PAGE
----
2. Ultra-InflamX 360 – This medical food shake is useful to settle an inflamed GI tract.  Take 2 scoops  in water, juice or almond or rice milk once or twice daily; the bloating symptoms often abate within a week.  It should be taken for several weeks, consistently, then periodically as symptoms dictate.

3. LactoFlamX –  One or two capsules taken daily helps support healthy intestinal mucosal barrier integrity and function. 

These supplements are an inexpensive way to control the difficult weight loss problem.

Other general supplementation should include:

Mineral chelate (organic mineral salts)

Essential Fatty Acids & Oils

Amino Acid/protein supplementation

Vitamin B Complex, Vitamin C, Vitamin E

Vitamin D-3 (dosage dictated by age and condition)

 

These supplements are sold on my website  by linking to Metagenics.

I know Metagenics costs a little more but it’s important to consider the quality of your supplements, as well as the foods you eat.  

 

 

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Gluten-free diets

I do have a Gluten free food plan that I can give you on your next office visit.

Studies suggest that less than one percent of the population suffers a severe immune reaction from gluten, and up to eight percent have mild-to-moderate insensitivity to it. I notice that when clients choose to go gluten-free, they often lose weight and feel better, even complicated cases seem to resolve.  

some clients notice that living gluten-free has improved there overall health and given them more energy. If you notice that you don’t feel well the morning after having a beer or a plate of pasta, then you may be gluten sensitive. The term lately is gluten intolerance. There are lots of cookbooks and restaurants that offer gluten- and dairy-free recipes. My wife’s restaurants called Maria’s Italian Kitchen now offers gluten free dishes.

I am certain going gluten-free will improve your overall health.

Gluten is a glue-like composite found naturally in grains like wheat, rye and barley. It is what gives breads their fluffy texture, and is often used in other food preparations to make food thicker or more chewy.

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What Symptoms Made You Think I Was Sensitive To Gluten?

 Gluten is a toxin to some people, and they feel better after a few months of going gluten free.  If you are sensitive, gluten can raise your TPO antibodies (causing Hashimotos thyroid disease).  Gluten is basically a food additive, and most people associate gluten with Celiac disease (an autoimmune condition) and with IBS (irritable bowel syndrome) or Crohn’s, colitis and other digestive disorders.  

Gluten doesn’t have to upset your stomach, sometimes it just damages your brain and central nervous system and you have no GI symptoms at all. Other common symptoms associated with gluten sensitivity:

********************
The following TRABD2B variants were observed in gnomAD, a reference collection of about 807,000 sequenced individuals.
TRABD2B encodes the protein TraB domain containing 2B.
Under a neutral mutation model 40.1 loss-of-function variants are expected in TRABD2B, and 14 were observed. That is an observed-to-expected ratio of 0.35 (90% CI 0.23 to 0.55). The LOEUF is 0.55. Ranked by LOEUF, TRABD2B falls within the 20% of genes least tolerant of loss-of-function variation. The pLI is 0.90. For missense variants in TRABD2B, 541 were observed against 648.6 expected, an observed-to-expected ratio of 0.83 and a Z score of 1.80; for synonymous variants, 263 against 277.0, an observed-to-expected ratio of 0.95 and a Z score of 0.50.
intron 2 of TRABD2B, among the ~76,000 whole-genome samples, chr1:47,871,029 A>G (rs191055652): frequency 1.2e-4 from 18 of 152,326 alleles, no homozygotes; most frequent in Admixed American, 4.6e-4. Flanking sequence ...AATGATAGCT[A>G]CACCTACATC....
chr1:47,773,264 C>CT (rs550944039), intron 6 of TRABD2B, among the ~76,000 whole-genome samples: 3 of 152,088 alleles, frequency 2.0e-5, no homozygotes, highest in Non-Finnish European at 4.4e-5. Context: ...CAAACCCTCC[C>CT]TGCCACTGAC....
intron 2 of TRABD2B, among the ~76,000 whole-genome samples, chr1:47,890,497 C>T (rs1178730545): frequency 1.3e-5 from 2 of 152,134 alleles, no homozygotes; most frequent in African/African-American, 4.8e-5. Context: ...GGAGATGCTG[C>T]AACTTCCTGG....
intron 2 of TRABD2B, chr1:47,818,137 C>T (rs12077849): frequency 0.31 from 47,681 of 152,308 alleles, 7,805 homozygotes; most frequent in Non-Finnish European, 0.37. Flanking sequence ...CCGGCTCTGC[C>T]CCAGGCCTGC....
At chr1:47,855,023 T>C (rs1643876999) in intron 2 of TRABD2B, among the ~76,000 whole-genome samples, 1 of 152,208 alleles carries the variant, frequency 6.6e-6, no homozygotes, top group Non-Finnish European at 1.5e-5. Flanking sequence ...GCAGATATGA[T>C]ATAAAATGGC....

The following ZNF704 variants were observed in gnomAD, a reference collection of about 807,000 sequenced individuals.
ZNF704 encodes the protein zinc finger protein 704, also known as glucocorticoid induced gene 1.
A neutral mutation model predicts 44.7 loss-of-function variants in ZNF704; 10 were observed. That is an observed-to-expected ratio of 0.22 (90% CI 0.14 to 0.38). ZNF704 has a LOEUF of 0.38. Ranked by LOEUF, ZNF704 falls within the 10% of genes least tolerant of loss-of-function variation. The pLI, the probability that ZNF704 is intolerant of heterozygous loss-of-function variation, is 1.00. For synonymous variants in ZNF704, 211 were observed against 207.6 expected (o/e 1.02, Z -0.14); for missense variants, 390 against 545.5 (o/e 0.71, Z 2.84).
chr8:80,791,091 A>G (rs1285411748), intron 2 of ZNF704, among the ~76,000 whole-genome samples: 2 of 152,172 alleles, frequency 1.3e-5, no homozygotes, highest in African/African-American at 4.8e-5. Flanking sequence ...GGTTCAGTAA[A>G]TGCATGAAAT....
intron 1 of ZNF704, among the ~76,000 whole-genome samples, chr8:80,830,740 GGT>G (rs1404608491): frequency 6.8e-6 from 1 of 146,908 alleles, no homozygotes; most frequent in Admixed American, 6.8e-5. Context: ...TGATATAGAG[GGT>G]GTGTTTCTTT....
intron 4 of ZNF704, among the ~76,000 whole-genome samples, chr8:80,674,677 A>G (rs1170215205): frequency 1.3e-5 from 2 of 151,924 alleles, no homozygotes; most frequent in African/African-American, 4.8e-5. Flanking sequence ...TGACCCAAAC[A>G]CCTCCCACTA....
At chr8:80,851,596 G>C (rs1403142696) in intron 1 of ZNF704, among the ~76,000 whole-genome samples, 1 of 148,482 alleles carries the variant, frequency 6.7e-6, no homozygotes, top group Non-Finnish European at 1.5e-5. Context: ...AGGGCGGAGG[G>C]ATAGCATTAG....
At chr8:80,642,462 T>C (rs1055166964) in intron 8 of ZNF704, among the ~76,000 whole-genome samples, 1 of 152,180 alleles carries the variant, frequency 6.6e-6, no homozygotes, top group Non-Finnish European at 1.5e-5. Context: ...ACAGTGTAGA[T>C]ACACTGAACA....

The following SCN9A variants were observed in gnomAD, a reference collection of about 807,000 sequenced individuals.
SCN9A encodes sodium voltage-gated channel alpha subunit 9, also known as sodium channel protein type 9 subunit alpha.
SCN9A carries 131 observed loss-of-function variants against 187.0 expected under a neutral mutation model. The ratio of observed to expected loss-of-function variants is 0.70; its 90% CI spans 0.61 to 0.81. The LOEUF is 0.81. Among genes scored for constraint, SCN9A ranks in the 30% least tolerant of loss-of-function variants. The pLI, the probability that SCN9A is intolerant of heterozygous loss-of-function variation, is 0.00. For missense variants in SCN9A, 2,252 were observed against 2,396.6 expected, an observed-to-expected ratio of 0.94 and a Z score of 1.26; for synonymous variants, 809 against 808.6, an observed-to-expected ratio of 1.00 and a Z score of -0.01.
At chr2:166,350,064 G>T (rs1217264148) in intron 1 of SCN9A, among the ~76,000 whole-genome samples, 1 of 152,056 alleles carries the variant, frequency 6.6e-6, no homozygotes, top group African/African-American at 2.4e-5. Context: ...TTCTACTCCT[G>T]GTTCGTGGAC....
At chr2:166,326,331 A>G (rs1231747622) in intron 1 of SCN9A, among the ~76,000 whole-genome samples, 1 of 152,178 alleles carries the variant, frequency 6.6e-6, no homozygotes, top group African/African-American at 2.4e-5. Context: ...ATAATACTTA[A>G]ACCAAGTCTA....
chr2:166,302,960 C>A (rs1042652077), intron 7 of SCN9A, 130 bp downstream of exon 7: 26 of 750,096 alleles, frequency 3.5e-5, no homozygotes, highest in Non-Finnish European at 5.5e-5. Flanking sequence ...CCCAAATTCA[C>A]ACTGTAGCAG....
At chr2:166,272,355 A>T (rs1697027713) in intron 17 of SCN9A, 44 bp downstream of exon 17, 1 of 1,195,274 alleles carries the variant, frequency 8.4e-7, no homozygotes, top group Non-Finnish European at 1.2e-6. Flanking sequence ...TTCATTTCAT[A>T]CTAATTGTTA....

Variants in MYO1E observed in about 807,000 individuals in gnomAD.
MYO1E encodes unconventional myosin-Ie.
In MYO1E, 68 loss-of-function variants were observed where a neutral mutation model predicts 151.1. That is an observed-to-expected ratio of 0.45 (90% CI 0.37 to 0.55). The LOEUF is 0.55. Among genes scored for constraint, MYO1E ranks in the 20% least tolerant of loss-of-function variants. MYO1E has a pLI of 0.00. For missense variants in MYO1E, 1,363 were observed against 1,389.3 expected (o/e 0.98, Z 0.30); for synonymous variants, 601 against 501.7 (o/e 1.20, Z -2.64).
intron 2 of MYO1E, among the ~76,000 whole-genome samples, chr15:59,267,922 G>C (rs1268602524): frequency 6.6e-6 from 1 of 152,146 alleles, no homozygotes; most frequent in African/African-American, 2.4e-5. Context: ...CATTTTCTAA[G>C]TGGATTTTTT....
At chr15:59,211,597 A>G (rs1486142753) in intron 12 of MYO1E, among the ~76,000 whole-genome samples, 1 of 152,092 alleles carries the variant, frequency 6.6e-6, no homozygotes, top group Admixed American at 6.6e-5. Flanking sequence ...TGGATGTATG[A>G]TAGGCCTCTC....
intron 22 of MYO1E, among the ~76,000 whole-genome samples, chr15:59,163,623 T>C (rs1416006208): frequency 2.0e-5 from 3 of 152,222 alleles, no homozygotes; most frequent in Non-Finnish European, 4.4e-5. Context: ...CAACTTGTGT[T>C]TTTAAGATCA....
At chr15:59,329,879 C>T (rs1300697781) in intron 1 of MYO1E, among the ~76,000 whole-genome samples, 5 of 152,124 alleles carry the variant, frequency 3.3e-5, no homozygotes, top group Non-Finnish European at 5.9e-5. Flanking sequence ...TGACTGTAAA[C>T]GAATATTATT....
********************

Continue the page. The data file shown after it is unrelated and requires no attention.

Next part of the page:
Depression. Brain fog – it can cause cerebral hypoperfusion (lowered blood flow to the brain). Confusion. Lethargy. Mood problems. Some people that think they have neuropathies related to multiple sclerosis or Parkinsons, or ALS, and all these may actually be gluten intolerance. Weight gain. Gas. Bloating. Lack of energy. Headaches.

Going gluten-free can cure a person of many problems. I expect you to do well as long as you use the UltraInflamX 360 & LactoFlamX with the food plan I layed out. Don’t forget to order UltraInflamX 360 & LactoFlamX from www.DrJeffreyTucker.meta-ehealth.com

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Infertility – more common in women with gluten intolerance.

Most people don’t know they have Celiac Disease or gluten intolerance. Most practitioners overlook this disorder that causes damage to the small intestine when gluten, a protein found in wheat, barley and rye, is eaten.

On top of infertility, other gynecological and obstetrical problems may also be more common, including miscarriages and preterm births. For men, problems can include abnormal sperm — such as lower sperm numbers, altered shape, and reduced function. Men with untreated celiac disease may also have lower testosterone levels.

The good news is that with proper treatment with a gluten-free diet and correction of nutritional deficiencies, the prognosis for future pregnancies is much improved.

Sources:

 New York Times February 3, 2010

Trouble digesting gluten, a protein found in wheat, rye, and barley is actually pretty common. The National Institutes of Health (NIH) estimates that as many as one in every 133 Americans have Celiac Disease. Probably many more people have gluten intolerance. 

What is Celiac Disease?

If you have celiac disease, eating gluten triggers an autoimmune response, provoking your body to attack itself and destroy healthy tissues, especially the villi in your small intestine. This can also have a detrimental effect on your body’s ability to absorb and process nutrients.